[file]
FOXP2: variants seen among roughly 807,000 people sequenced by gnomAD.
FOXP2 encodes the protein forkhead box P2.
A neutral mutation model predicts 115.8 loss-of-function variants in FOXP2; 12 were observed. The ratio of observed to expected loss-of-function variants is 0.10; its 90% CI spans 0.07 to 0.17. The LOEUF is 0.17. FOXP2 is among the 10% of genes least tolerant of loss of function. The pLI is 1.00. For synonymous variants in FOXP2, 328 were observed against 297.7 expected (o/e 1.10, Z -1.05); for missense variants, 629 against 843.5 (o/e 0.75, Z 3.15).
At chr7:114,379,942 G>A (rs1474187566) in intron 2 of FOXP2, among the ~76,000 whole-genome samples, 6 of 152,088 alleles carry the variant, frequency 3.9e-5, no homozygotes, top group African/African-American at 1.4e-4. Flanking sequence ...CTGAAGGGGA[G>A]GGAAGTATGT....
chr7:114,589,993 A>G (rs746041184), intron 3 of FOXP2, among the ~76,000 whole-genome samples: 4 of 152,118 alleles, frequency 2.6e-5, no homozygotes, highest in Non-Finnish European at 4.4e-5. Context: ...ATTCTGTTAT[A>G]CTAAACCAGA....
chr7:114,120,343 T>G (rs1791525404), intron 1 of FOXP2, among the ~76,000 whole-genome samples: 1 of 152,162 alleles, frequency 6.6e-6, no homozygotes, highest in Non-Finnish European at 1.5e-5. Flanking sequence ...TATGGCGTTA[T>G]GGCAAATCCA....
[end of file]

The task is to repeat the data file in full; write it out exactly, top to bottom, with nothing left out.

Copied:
FOXP2: variants seen among roughly 807,000 people sequenced by gnomAD.
FOXP2 encodes the protein forkhead box P2.
A neutral mutation model predicts 115.8 loss-of-function variants in FOXP2; 12 were observed. The ratio of observed to expected loss-of-function variants is 0.10; its 90% CI spans 0.07 to 0.17. The LOEUF is 0.17. FOXP2 is among the 10% of genes least tolerant of loss of function. The pLI is 1.00. For synonymous variants in FOXP2, 328 were observed against 297.7 expected (o/e 1.10, Z -1.05); for missense variants, 629 against 843.5 (o/e 0.75, Z 3.15).
At chr7:114,379,942 G>A (rs1474187566) in intron 2 of FOXP2, among the ~76,000 whole-genome samples, 6 of 152,088 alleles carry the variant, frequency 3.9e-5, no homozygotes, top group African/African-American at 1.4e-4. Flanking sequence ...CTGAAGGGGA[G>A]GGAAGTATGT....
chr7:114,589,993 A>G (rs746041184), intron 3 of FOXP2, among the ~76,000 whole-genome samples: 4 of 152,118 alleles, frequency 2.6e-5, no homozygotes, highest in Non-Finnish European at 4.4e-5. Context: ...ATTCTGTTAT[A>G]CTAAACCAGA....
chr7:114,120,343 T>G (rs1791525404), intron 1 of FOXP2, among the ~76,000 whole-genome samples: 1 of 152,162 alleles, frequency 6.6e-6, no homozygotes, highest in Non-Finnish European at 1.5e-5. Flanking sequence ...TATGGCGTTA[T>G]GGCAAATCCA....